Three Criteria for Effective Author Posts on LinkedIn by Carol Van Den Hende
Facebook and Twitter aren’t the only social networks out there. If you’re an author who’s primary social media presence is on LinkedIn, you might have been hesitant about using the platform to promote your book. In this guest post for diyMFA, award-winning fiction author Carol Van Den Hende gives some practical advice for how to do it right without coming off as a spammer. For more advice like this, follow diyMFA on Twitter at @DIYMFA and on Facebook at @DIYMFA or subscribe to their RSS feed (direct Feedly signup link). DiyMFA offers classes, advice articles and other training materials for writers.
How to Get Readers to Unsubscribe from Your Mailing List by Nate Hoffelder
Is your mailing list too big? Maybe all those readers are stressing you out, or your mailing provider is charging you extra because you’re so popular. Technology and indie publishing expert Nate Hoffelder is here to solve your problem, with tons of practical advice. For example, you could annoy subscribers with too many sales pitches, use profanity, bore readers with too-long newsletters, or resend newsletters that haven’t been opened. This is a guest post for the Florida Writers Association. For more advice like this, follow Hoffelder on Twitter at @InkBitsPixels, on Facebook at @nate.thegreat.7, or check out his website, NateHoffelder.com.
Audiobook Formats and File Types: Which One is Best? by Jason Hamilton
In this guest post for Kindlepreneur, fantasy author Jason Hamilton explains the different types of audiobook file types and which ones you should use for different audiobook platforms. The bottom line? Use MP3 files at 192 KBPS or higher. For more from Hamilton, check out his site, MythBank, full of reading and viewing guides to the most popular sci-fi and fantasy works. You can also follow him on Twitter at @StoryHobbit and on Facebook at Jason Hamilton. And Kindlepreneur is pretty much the top site out there for self-published authors who want to sell more e-books on Amazon. The RSS feed is here (direct Feedly signup link). Follow them on Facebook at @KindlePreneur and founder Dave Chesson on Twitter at @DaveChesson.
The Social Side of Social Media for Writers by Julie Glover
In this guest post for Writers in the Storm, supernatural suspense and mystery author Julie Glover writes about how social media is more than just a marketing channel for books. It can also help authors connect with one another for support, insights, and even friendship. Writers in the Storm is a great site for writing advice, with a group of regular contributors and guest writers who post frequently. It is very well worth following on RSS (direct Feedly signup link).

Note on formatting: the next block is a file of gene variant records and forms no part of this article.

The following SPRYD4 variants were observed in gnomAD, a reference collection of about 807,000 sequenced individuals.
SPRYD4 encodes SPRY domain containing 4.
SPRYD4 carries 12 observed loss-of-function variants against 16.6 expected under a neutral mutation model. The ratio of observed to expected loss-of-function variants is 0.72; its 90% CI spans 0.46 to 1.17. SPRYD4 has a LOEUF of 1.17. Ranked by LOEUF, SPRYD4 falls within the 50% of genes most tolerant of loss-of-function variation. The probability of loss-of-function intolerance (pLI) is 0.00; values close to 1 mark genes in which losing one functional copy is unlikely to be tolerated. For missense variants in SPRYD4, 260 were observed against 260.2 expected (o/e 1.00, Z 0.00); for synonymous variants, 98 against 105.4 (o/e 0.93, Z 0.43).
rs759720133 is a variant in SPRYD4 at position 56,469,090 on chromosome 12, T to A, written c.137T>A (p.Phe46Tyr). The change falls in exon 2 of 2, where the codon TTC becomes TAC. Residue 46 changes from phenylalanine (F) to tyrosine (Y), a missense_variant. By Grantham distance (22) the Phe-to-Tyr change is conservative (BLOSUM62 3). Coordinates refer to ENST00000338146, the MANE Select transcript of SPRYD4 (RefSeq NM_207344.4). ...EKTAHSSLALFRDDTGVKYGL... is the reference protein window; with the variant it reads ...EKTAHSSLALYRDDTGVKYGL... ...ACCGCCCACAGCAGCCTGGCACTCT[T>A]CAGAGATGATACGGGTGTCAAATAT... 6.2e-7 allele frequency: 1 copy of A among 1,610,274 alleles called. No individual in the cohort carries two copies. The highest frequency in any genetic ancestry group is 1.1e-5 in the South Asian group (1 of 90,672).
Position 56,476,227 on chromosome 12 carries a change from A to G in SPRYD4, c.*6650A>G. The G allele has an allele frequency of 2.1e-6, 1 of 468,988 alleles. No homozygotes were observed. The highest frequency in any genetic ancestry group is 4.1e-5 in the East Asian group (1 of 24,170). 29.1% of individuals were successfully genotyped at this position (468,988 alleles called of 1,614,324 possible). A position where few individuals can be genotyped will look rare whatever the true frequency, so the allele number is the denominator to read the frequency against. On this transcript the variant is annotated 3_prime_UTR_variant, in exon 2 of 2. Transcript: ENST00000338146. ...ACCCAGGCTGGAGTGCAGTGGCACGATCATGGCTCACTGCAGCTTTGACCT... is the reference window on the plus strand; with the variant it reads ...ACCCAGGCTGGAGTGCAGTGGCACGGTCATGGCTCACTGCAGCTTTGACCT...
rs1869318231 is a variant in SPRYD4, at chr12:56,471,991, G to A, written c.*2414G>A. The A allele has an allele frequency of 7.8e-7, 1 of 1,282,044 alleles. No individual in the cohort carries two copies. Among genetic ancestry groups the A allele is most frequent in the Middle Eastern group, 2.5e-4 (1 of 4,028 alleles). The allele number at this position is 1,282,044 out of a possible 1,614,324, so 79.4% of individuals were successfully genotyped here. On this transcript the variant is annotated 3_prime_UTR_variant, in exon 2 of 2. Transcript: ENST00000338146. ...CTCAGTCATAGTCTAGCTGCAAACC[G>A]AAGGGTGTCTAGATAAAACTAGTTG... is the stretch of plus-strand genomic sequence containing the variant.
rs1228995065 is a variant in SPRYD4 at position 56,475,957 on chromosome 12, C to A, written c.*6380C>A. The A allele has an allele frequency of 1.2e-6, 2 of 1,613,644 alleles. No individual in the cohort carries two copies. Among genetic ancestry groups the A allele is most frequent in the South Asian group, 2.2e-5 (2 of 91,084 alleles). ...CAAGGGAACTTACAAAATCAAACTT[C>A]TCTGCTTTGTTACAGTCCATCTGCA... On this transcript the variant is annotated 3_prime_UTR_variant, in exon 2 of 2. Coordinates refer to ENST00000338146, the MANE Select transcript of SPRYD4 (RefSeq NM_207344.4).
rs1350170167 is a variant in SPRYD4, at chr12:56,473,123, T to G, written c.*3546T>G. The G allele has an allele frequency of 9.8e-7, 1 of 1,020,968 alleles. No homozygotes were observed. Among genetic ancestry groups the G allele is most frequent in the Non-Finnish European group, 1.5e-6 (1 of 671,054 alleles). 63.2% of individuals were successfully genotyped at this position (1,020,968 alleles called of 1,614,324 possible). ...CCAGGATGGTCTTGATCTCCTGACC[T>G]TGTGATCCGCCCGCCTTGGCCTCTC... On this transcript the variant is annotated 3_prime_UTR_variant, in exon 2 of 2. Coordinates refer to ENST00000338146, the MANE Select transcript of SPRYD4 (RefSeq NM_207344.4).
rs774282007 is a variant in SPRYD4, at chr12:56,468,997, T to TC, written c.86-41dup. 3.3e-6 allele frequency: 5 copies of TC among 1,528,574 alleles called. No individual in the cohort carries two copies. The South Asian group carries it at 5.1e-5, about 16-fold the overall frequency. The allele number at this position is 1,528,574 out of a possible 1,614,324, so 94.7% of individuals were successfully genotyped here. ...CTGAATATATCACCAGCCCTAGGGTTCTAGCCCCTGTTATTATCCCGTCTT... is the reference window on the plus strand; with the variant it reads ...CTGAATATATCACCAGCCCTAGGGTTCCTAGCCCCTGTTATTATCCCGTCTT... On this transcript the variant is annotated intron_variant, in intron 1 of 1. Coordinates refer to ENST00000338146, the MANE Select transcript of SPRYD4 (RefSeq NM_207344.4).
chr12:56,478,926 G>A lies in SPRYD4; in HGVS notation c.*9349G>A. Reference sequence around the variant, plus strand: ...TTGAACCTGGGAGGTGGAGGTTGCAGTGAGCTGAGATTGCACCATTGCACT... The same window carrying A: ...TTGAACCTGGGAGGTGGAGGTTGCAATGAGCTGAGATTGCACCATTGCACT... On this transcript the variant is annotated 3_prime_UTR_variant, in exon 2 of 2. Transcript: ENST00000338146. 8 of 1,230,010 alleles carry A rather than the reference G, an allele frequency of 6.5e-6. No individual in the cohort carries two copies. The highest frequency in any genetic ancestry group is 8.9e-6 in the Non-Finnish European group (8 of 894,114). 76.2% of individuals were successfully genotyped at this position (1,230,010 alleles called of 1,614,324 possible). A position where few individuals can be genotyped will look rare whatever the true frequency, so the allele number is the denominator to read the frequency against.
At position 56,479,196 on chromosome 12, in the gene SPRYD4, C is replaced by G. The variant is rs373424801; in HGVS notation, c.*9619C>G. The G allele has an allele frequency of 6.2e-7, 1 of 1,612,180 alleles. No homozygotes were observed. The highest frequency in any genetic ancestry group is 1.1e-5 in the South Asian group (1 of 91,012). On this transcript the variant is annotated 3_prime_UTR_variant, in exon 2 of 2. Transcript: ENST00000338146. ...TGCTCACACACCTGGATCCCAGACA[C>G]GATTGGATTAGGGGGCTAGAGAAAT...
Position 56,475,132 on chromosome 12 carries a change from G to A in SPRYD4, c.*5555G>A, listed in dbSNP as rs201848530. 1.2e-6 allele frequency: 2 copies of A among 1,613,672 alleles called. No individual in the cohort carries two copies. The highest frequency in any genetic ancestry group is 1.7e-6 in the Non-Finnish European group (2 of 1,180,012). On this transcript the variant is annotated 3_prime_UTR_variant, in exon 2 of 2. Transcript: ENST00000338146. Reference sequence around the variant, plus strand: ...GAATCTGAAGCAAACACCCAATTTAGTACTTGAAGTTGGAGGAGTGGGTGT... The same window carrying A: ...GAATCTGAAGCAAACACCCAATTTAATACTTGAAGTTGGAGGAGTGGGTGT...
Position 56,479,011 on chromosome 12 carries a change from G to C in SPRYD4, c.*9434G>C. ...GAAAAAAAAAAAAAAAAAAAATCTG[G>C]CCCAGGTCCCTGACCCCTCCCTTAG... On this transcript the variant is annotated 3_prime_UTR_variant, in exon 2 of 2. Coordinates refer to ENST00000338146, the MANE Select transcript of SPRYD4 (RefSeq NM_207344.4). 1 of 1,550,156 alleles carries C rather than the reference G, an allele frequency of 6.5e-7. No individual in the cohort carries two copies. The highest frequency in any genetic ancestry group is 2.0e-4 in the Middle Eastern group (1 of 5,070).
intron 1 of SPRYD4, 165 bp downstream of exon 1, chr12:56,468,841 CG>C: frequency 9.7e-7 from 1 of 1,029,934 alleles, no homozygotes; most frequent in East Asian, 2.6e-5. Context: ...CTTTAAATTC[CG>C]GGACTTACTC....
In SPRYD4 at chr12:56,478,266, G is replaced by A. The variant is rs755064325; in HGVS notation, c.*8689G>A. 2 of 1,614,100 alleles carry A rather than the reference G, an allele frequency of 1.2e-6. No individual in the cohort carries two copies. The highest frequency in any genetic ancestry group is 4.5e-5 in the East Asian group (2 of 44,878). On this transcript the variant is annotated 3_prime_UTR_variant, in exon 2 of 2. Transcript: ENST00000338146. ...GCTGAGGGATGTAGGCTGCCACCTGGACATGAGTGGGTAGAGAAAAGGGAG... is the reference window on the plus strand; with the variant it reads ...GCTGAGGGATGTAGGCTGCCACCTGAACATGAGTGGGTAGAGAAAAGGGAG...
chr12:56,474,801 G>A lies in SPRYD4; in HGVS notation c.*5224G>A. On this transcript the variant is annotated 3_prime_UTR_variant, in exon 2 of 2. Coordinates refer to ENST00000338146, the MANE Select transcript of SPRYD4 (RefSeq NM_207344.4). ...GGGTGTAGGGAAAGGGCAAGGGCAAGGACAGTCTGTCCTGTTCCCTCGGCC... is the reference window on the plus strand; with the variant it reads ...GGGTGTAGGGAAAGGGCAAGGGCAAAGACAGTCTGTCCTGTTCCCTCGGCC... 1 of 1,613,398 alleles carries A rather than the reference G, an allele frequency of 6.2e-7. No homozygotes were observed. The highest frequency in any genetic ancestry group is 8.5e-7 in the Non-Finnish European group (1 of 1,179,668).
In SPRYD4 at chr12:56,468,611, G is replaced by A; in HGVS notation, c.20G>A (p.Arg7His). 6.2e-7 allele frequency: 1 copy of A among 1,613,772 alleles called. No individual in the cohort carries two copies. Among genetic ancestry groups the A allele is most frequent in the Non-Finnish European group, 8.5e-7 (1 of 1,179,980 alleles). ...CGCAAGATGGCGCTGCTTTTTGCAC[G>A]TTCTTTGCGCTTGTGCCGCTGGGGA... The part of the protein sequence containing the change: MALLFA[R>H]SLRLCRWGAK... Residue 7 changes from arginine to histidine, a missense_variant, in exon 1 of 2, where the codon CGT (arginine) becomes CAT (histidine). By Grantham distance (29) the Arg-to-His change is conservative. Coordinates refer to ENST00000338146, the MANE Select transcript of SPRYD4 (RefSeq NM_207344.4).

Joanna Penn has been sharing writing and publishing advice since 2008 at The Creative Penn, with articles, videos, books, tools, and courses. She also has one of my favorite writing advice podcasts, and you can subscribe to it on Apple Podcasts, Google Podcasts, Spotify, or Stitcher.
Self Publishing a Book Requires the Right Focus by Penny Sansevieri
The three stages of creating a book require three different mindsets. When you’re writing, it’s all about you and your creativity. When you’re in the production stage, it’s all about making the best possible, most attractive book. But then, in the marketing stage, the mind set should be focused on the reader. At least, according to Penny Sansevieri, the CEO and founder of Author Marketing Experts, an adjunct professor at NYU, and a best-selling author and internationally recognized book marketing and media relations expert. Follow her on Twitter at @Bookgal and on Facebook at @therealbookgal. Her book, How to Sell Books by the Truckload on Amazon, has just been updated for 2021 and is in Kindle Unlimited.
5 Mistakes Authors Should Avoid on TikTok by Marissa Decuir
As more writers and readers alike check out TikTok, whether for #BookTok or dance moves, here are five mistakes authors should avoid on TikTok, with some advice on how to get the most out of this social media platform. This is a guest post for Writer’s Digest, by Marissa Decuir, president of Books Forward publicity and Books Fluent publishing. For more advice like this, follow Writer’s Digest via their RSS feed (direct Feedly signup link), on Twitter at @WritersDigest and on Facebook at @writersdigest.
Kindle Vella: Amazon’s New Platform for Authors, Explained by Hannah Lee Kidder
Fantasy author and writing coach Hannah Lee Kidder tells us all we need to know about the new Kindle Vella serialized fiction platform. If you want more advice from Kidder check out her website at HannahLeeKidder.com, or her YouTube channel. I just watched her review of the NotePad novel writing software, and I’m going out and trying it now. She is awesome and I’ve also watched a few of her other videos. This particular article was a guest post for Self Publishing, a resource site for self-published authors. But I’ve got to say, something creepy just happened — someone literally called me, on my phone, while I was looking at the website, to pitch me something, as I was writing this very article. The woman who called said something about having seen me visit the site. I was extremely freaked out and unhappy about this. Later on, I realized that I must have downloaded something from the site earlier and they had one of those forms where you have to fill in your information to do the download. So keep that in mind. If you provide your real contact info, they’ll have someone contact you. The fact that they have a hard-sell operation in place is a little concerning. If a platform relies heavily on personal sales it makes me think that it doesn’t have much referral business. Also, I tend to assume that the harder the sell, the worse the product. Again, the only interactions I’ve had with these folks is reading a couple of articles, downloading a report, and getting an intrusive and unexpected phone call, so they could be the best folks in the world — I don’t actually have any specific knowledge either way. (The only review I’ve been able to find of them online, from the Center for Book Publishing, said that they were okay, but not great.)